Public Interest and Privacy Groups Call on Congress to Investigate the Use of New Technology that Discloses Private and Personal Internet Activity without Notice to Consumers
For Immediate Release
Brock N. Meeks
Center for Democracy and Technology
202-637-9800 x 114
Washington - Fifteen of the nation's leading privacy and public interest groups today released a letter urging Congress to hold hearings on the growing practice of Internet Service Providers (ISPs) targeting ads to subscribers based on their personal Web activities.
The letter, sent to House Telecommunications Subcommittee Chairman Ed Markey (D-MA) and Ranking Member Joe Barton (R-TX), urges the congressmen to investigate the plan of Charter Communications to capture all of the messages and activities of its Internet subscribers and share that data with NebuAd, a third-party firm, which plans to use the data to target consumers with specific ads. Representatives Markey and Barton have previously raised questions regarding the legality of the Charter Communications plan.
â€œThe eavesdropping and targeting of consumers online by their cable and phone ISPs creates a major new privacy threat,â€? said Jeff Chester, executive director of the Center for Digital Democracy. â€œCongress must swiftly act to protect the public - including families - from this unwarranted invasion of their privacy.â€?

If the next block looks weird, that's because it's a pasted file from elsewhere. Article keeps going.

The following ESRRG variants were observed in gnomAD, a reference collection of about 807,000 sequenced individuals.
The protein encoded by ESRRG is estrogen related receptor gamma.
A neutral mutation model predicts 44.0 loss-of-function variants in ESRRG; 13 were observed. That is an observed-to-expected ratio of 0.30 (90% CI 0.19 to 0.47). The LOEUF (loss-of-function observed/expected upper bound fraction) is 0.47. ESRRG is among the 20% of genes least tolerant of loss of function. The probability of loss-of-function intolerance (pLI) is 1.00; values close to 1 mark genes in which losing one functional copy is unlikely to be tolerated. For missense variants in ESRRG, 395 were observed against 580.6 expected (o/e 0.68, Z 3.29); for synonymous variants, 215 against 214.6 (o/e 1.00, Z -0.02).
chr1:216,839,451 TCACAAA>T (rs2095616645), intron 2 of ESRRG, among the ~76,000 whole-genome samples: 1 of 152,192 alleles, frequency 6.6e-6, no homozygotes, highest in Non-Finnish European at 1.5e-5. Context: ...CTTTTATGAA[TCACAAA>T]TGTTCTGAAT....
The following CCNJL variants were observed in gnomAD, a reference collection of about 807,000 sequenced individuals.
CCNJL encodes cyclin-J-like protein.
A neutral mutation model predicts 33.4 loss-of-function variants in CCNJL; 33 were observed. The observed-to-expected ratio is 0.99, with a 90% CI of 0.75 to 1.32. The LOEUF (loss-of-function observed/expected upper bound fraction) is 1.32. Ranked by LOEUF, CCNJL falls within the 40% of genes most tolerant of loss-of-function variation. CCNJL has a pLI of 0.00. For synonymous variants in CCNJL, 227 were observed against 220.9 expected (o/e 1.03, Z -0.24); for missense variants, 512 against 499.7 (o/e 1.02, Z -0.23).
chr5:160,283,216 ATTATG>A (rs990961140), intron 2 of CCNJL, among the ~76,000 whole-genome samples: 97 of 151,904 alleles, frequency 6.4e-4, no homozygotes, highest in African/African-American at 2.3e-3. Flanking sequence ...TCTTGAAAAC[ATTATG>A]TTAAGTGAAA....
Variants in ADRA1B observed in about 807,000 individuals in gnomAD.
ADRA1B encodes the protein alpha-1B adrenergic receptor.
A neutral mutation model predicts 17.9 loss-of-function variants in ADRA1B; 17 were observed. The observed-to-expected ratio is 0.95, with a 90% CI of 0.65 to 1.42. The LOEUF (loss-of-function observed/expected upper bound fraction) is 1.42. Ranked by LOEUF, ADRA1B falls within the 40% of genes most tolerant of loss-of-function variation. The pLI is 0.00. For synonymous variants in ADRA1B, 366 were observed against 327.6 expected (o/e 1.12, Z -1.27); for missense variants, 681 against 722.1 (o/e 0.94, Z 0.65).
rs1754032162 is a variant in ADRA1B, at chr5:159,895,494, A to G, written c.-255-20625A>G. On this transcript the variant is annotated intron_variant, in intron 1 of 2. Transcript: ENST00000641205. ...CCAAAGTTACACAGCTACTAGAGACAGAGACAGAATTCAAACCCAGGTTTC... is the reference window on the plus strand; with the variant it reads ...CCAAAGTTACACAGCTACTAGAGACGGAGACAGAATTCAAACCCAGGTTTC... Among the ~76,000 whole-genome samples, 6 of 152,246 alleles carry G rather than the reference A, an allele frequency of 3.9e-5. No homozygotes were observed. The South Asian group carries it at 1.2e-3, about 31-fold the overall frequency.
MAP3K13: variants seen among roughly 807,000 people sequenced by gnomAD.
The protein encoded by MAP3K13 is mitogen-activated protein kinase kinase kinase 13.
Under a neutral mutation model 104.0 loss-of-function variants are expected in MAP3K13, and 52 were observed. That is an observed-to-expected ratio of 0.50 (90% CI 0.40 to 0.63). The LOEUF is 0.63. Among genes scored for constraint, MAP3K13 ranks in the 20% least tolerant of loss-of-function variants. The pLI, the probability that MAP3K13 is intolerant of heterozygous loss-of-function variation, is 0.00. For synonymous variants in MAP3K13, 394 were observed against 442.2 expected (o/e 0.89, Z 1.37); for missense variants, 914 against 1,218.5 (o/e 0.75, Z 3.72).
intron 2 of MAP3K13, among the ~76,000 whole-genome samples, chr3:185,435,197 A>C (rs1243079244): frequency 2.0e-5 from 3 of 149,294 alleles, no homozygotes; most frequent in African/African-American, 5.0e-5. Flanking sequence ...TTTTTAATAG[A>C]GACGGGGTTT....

The 15 groups are urging Congress to hold public hearings looking into the practice of sharing data on private activities, noting that other ISP's are also signing similar deals with third-party firms.
â€œCongress needs to bring this practice under closer scrutiny,â€? said Ari Schwartz, vice president of the Center for Democracy & Technology. â€œTragically, there is little oversight or accountability of these activities and Congress needs to weigh in now before the practice becomes standard operating procedure for the ISPs.â€?
This privacy invasion is enabled by a technology called â€œDeep Packet Inspection,â€? which allows an ISP to grab all the information coming out of a user's computer before it hits the Internet. This private and personal information is then turned over to the ISP's business partner, usually a third-party firm, which then logs the subscriber information, categorizes it, and delivers ads to the consumer based on a customized profile, gleaned from the information snared by the ISP.
Technology that collects and uses this level of personal and private data without any opportunity for the consumer to opt out is unacceptable. Consumers must be made aware of the practice and allowed to choose for themselves whether releasing personal information is an acceptable trade-off for receiving targeted advertising.
List of Groups Signed On:
- Center for Democracy and Technology
- Center for Digital Democracy
- Consumer Action
- Consumer Federation of America
- Consumers Union
- Electronic Frontier Foundation
- Electronic Privacy Information Center
- Free Press
- Media Access Project
- Privacy Activism
- Privacy Rights Clearinghouse
- Public Knowledge
- US Public Interest Research Group
- World Privacy Forum
- Canadian Internet Policy and Public Interest Clinic